Steve 2.0: Windows Chief Poised to Become Ballmer's Heir-Apparent
February 28, 2012 2:41 PM
After successful launches of Office 2003, Office 2007, and Windows 7 Steven Sinofsky is on the verge of stardom
Microsoft Corp. (MSFT) is facing some very real questions about its long-term succession plans. While current chief executive Steve Ballmer is "healthy as a horse", he's also 55 and contemplating retirement to spend more time with his wife and children. Past statements indicated that Mr. Ballmer would
retire in 2018
, at age 61.
I. Steve 2.0: Groomed by Bill Gates, Destined for Greatness
The question facing Microsoft is who will succeed the iconic Steve in a little over half a decade.
For a time Ray Ozzie, former chief technical officer, was thought to be a leading candidate. But Mr. Ozzie
left the company in 2010
to found a startup firm. Some say the move was in part due to frustration after Microsoft
sunk the Courier tablet concept
, which was poised in 2010 to
become the earliest competitor
to Apple, Inc.'s (
Ironically, the man perhaps the most responsible for the death of Courier, is now shepherd Microsoft into a new era of rich tablet interfaces. That man is Windows President Steven Sinofsky, and he is considered by many to be an emerging front runner to become the next chief executive -- Steve 2.0, if you will -- at Microsoft.
Windows President Steven Sinofsky is a strong candidate to succeed Steve Ballmer in 2018 as CEO. [Image Source: ExtremeTech]
While no one could truly replace the boisterous Ballmer, Mr. Sinofsky is known to be a strong, uncompromising leader who could propel Microsoft to continued success. He was hand picked as a technical assistant to Bill Gates in 1989 after he graduated from
's graduate school and secured a position at Microsoft.
Mr. Sinofsky was a visionary force, pressuring Gates to recognize that the internet was becoming as "ubiquitous and expected as regular phone service." Mr. Gates praises Mr. Sinofsky and credits him, in part, for waking him up to the coming internet revolution.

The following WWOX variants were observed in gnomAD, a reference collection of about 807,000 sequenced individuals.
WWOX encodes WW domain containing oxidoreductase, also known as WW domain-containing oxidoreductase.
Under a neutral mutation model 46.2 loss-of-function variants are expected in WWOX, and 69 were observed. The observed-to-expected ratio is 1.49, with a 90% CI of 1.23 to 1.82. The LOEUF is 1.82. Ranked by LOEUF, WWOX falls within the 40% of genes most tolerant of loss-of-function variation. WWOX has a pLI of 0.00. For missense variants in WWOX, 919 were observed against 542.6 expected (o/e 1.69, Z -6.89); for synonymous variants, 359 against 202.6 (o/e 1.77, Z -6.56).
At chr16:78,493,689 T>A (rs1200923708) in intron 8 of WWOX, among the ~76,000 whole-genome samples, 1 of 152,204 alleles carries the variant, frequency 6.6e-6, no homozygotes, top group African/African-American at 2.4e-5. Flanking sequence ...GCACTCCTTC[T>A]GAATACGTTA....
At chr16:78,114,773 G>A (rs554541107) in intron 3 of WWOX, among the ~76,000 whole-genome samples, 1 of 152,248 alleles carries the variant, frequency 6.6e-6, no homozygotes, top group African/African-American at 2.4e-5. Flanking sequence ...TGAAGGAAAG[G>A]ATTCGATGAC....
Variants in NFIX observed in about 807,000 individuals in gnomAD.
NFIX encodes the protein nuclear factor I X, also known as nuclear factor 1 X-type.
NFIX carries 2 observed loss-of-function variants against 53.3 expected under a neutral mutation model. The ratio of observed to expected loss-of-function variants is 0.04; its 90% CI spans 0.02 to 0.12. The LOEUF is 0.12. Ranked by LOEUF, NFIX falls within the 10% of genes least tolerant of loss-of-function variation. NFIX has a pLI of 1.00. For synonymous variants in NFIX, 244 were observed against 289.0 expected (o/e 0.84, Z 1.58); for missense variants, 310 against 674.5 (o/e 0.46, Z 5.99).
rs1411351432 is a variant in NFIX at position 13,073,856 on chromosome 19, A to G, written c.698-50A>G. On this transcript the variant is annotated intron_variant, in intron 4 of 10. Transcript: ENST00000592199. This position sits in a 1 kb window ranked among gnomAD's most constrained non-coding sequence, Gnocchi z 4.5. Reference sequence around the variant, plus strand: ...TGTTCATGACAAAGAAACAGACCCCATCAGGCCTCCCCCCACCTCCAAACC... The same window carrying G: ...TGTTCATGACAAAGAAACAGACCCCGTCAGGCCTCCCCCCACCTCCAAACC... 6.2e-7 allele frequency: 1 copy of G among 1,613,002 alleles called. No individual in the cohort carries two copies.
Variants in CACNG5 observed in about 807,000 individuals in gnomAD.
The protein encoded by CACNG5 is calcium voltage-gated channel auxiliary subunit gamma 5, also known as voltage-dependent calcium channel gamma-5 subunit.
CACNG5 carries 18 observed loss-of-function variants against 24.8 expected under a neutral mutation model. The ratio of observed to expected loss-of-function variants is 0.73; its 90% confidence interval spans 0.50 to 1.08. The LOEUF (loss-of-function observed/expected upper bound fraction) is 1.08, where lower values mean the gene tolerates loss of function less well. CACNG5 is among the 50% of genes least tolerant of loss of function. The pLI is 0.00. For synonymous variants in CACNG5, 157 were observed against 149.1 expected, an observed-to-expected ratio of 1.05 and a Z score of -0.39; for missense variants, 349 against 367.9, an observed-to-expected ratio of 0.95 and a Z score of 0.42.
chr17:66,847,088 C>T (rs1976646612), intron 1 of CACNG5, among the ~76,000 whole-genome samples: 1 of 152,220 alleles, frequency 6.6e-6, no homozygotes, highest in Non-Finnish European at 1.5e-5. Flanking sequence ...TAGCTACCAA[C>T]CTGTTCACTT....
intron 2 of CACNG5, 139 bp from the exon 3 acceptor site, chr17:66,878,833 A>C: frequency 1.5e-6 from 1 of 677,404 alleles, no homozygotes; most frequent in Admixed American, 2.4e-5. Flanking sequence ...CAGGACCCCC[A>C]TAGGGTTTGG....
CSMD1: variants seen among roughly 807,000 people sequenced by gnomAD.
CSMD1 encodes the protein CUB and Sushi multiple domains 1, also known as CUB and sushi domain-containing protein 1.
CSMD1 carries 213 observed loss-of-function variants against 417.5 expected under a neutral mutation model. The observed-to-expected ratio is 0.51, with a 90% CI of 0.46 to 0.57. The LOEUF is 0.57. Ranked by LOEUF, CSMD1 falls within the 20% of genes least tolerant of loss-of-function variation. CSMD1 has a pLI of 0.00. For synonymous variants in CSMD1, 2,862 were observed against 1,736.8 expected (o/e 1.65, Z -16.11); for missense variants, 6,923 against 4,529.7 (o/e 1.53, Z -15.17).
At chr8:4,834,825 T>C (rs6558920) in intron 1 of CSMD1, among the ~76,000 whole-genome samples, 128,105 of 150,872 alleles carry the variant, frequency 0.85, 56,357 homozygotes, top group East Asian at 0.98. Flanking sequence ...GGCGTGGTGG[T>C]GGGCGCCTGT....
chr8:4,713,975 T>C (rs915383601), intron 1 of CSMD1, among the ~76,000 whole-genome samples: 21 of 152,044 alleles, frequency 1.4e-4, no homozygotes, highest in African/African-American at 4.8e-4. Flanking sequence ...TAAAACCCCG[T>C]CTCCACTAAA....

II. A Strong Track Record
Made Vice President in charge of the Microsoft Office team, Mr. Sinofsky orchestrated the successful release of Office 2003 and Office 2007. The successes prompted Microsoft to
name him Windows Vice President in 2006
, just before the launch of Vista.
Like Mr. Ballmer, Mr. Sinofsky has endured his fair share of criticism. While it was largely not his design, he nonetheless shared in the loads of flak for the unpolished, poorly-marketed Vista. He drew yet more criticism for killing Courier due to his refusal to compromise on a tablet that lacked support for key products like Exchange Server/Outlook and Microsoft Office.
Despite that criticism, Mr. Sinofsky has been universally praised for his
, Windows 7. Seen by many as
a rebirth of Windows
, the new operating system was allowed by Mr. Sinofsky's unique style of management. Some call his method of cutting through the typical layers of bureaucracy as "Sinofskyization".
The success of Windows 7
earned Mr. Sinofsky a new rank
-- Windows President.
Windows 7 was a stellar vindication of Steven Sinofsky's unique management style.
[Image Source: AP]
At the 2012 Mobile World Congress tomorrow (Feb. 29), Mr. Sinofsky, age 46, is expected to face his stiffest test yet -- announcing the public beta candidate release of Windows 8.
Windows 8 is
set to launch later this year
. It will mark Microsoft
richest OS user interface yet
, and adds
dedicated tablet-minded user interfaces
. In other words, Mr. Sinofsky -- once accused of being a tablet murderer -- has put forth a product that may prove Microsoft's salvation in this increasingly lucrative market.
A strong performance could solidify the Windows President's position as Microsoft heir-apparent. Frank Artale, managing director at Seattle-based venture capital firm Ignition, told
that Mr. Sinofsky has both the "the tech chops" and "panache and showmanship" needed to give a strong performance.
III. Scrapping Traditional Management and Fiefdoms